# non intuitive way of solving cos(X)=cos(x+pi/2)

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as stated, is there a none intuitive way of solving

$cos(x)=cos(x+pi/2)$

I know from experience that 7pi/4 and 3pi/4 are the solutions, but is there a way to derive it?

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I don't think you need to derive it. Can't you just use the cosine curve?

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oh.. i counted that as an intuitive approach

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oh.. i counted that as an intuitive approach

ah, I see what you mean. Then either it can't be done or I don't know how to do it. The latter is more likely.

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as stated' date=' is there a none intuitive way of solving

[math']

cos(x)=cos(x+pi/2)

[/math]

I know from experience that 7pi/4 and 3pi/4 are the solutions, but is there a way to derive it?

It can be solved geometrically, If I have time tomorrow I might draw it up real quick and post it if no one else beats me to it. Sorry for leaving it like this but I'm tired.

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as stated' date=' is there a none intuitive way of solving

[math']

cos(x)=cos(x+pi/2)

[/math]

I know from experience that 7pi/4 and 3pi/4 are the solutions, but is there a way to derive it?

Hey,

There is a formula:

$cos(A+B) = cos(A)cos(B)-sin(A)sin(B)$

so,

$cos(x+\tfrac{\pi}{2}) = cos(x)cos(\tfrac{\pi}{2})-sin(x)sin(\tfrac{\pi}{2})$

$cos(x+\tfrac{\pi}{2}) = - sin(x)$

$cos(x) = sin(x)$

Lemma:$cos(x) =/= 0$

because

if $cos(x) = 0$,

then $sin(x) =/= 0$

So,

$cos(x)\frac{1}{cos(x)} = sin(x)\frac{1}{cos(x)}$

$tan(x) = 1$

this happens at

$x = {x| x = \tfrac{\pi}{4} + k\pi}$ For all integer $k$

Does that help?

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as stated' date=' is there a none intuitive way of solving

[math']

cos(x)=cos(x+pi/2)

[/math]

I know from experience that 7pi/4 and 3pi/4 are the solutions, but is there a way to derive it?

What do you mean with non-intuive way? Two cosines are the same when either the arguments are the same or opposites, with 2k*pi of course.

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EDIT: I misunderstood the question, I´m afraid. So the first part that was here is skipped, now.

Generally, relations involving cosines and sines often become trivial if one rewrites then as the linear combination of exp(ix) and exp(-ix).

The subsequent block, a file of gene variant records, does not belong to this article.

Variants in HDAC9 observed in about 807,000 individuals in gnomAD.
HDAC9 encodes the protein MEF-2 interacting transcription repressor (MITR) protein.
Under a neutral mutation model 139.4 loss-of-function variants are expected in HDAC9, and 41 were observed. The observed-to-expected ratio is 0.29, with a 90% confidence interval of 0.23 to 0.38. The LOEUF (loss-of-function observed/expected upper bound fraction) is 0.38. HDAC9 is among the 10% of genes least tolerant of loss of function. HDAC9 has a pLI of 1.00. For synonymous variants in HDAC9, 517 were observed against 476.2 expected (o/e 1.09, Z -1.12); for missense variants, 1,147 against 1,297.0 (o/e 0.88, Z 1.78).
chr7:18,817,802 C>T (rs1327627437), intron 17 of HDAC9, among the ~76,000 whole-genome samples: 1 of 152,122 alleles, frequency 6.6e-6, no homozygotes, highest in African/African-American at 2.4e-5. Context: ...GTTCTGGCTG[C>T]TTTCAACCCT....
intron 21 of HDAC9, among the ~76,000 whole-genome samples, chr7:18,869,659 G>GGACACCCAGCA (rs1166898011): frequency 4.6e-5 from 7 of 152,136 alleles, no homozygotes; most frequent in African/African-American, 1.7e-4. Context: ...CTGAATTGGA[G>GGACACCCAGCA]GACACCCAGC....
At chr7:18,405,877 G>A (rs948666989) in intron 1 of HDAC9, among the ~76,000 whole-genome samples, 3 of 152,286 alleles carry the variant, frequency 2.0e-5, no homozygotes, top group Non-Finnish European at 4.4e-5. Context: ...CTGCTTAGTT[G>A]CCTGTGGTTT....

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Perhaps it would help if rakuenso would edit out his typo. I don´t really know what the question is about but it´s most certainly not about "cos(x) = cos(x + pi/2)" since disproving this one is trivial: Let x=0 => cos(x)=cos(0)=1' date=' cos(x+pi/2)=cos(pi/2)=0, 1 != 0.

Generally, relations involving cosines and sines often become trivial if one rewrites then as the linear combination of exp(ix) and exp(-ix).[/quote']

I think the proposed problem was an equation ("solve for x") and not an identity ("proof for all x").

Yep, see my edit

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Ok

Well in general for equations like this, we have that

$\cos \alpha = \cos \beta \Leftrightarrow \alpha = \beta + 2k\pi \vee \alpha = - \beta + 2k\pi ,\forall k \in \mathbb{Z}$

I don't consider this as "intuitive" since this holds in general and is a perfect algebraic solution - but perhaps the topic starter can clarify what he meant.

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Hey' date='

There is a formula:

[math']cos(A+B) = cos(A)cos(B)-sin(A)sin(B)[/math]

so,

$cos(x+\tfrac{\pi}{2}) = cos(x)cos(\tfrac{\pi}{2})-sin(x)sin(\tfrac{\pi}{2})$

$cos(x+\tfrac{\pi}{2}) = - sin(x)$

...

Lemma:$cos(x) =/= 0$

because

if $cos(x) = 0$,

then $sin(x) =/= 0$

...

Does that help?

Wow, I feel stupid.

After the cosine formula manipulation, the problem becomes:

$cos(x) = -sin(x)$

So,

$cos(x)\frac{1}{cos(x)} = -sin(x)\frac{1}{cos(x)}$

$tan(x) = -1$

this happens at

$x = \tfrac{3\pi}{4} + k\pi$ For all integer $k$

There, that should work.

P.S. So the first few positive x that will satisfy the equation are $\tfrac{3\pi}{4}, \tfrac{7\pi}{4}, \tfrac{11\pi}{4}, \tfrac{15\pi}{4}, \tfrac{19\pi}{4},...$

ok thx =)

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Ok

Well in general for equations like this' date=' we have that

[math']\cos \alpha = \cos \beta \Leftrightarrow \alpha = \beta + 2k\pi \vee \alpha = - \beta + 2k\pi ,\forall k \in \mathbb{Z}[/math]

You can show this as follows:

[math]cos u = cos v \Leftrightarrow cos u - cos v = -2 sin\frac{u - v}{2} sin \frac{u+v}{2} = 0[/MATH].

[MATH]sin\frac{u - v}{2} = 0 \Leftrightarrow u - v = 2\pi n[/MATH]

[MATH]sin\frac{u + v}{2} = 0 \Leftrightarrow u + v = 2\pi n[/MATH].

ok thx =)

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